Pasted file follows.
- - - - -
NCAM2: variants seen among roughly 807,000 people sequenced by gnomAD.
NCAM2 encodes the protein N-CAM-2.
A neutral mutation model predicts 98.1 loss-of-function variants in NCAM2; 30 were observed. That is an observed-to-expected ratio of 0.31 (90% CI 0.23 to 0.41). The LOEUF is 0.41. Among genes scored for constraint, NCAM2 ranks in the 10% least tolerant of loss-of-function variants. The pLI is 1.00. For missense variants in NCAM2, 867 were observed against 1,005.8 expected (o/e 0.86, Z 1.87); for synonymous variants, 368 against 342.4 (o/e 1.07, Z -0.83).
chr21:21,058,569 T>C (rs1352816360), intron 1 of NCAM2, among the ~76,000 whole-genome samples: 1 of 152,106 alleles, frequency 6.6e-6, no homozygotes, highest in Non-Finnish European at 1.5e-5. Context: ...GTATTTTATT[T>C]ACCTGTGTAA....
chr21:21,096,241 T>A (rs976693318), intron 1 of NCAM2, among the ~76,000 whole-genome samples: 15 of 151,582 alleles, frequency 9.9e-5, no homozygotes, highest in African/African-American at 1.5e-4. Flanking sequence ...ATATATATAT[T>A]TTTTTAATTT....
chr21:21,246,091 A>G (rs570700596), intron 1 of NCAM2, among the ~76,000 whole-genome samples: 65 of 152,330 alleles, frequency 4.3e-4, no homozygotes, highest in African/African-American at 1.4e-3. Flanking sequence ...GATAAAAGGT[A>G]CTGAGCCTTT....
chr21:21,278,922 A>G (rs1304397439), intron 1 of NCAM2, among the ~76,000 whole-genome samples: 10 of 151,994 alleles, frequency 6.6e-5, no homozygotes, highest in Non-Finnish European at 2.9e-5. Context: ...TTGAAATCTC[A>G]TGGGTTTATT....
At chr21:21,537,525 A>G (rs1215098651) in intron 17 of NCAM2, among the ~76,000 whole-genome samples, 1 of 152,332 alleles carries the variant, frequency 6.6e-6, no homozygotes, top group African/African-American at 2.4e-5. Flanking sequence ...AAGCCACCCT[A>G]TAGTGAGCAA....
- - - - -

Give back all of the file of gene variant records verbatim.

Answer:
NCAM2: variants seen among roughly 807,000 people sequenced by gnomAD.
NCAM2 encodes the protein N-CAM-2.
A neutral mutation model predicts 98.1 loss-of-function variants in NCAM2; 30 were observed. That is an observed-to-expected ratio of 0.31 (90% CI 0.23 to 0.41). The LOEUF is 0.41. Among genes scored for constraint, NCAM2 ranks in the 10% least tolerant of loss-of-function variants. The pLI is 1.00. For missense variants in NCAM2, 867 were observed against 1,005.8 expected (o/e 0.86, Z 1.87); for synonymous variants, 368 against 342.4 (o/e 1.07, Z -0.83).
chr21:21,058,569 T>C (rs1352816360), intron 1 of NCAM2, among the ~76,000 whole-genome samples: 1 of 152,106 alleles, frequency 6.6e-6, no homozygotes, highest in Non-Finnish European at 1.5e-5. Context: ...GTATTTTATT[T>C]ACCTGTGTAA....
chr21:21,096,241 T>A (rs976693318), intron 1 of NCAM2, among the ~76,000 whole-genome samples: 15 of 151,582 alleles, frequency 9.9e-5, no homozygotes, highest in African/African-American at 1.5e-4. Flanking sequence ...ATATATATAT[T>A]TTTTTAATTT....
chr21:21,246,091 A>G (rs570700596), intron 1 of NCAM2, among the ~76,000 whole-genome samples: 65 of 152,330 alleles, frequency 4.3e-4, no homozygotes, highest in African/African-American at 1.4e-3. Flanking sequence ...GATAAAAGGT[A>G]CTGAGCCTTT....
chr21:21,278,922 A>G (rs1304397439), intron 1 of NCAM2, among the ~76,000 whole-genome samples: 10 of 151,994 alleles, frequency 6.6e-5, no homozygotes, highest in Non-Finnish European at 2.9e-5. Context: ...TTGAAATCTC[A>G]TGGGTTTATT....
At chr21:21,537,525 A>G (rs1215098651) in intron 17 of NCAM2, among the ~76,000 whole-genome samples, 1 of 152,332 alleles carries the variant, frequency 6.6e-6, no homozygotes, top group African/African-American at 2.4e-5. Flanking sequence ...AAGCCACCCT[A>G]TAGTGAGCAA....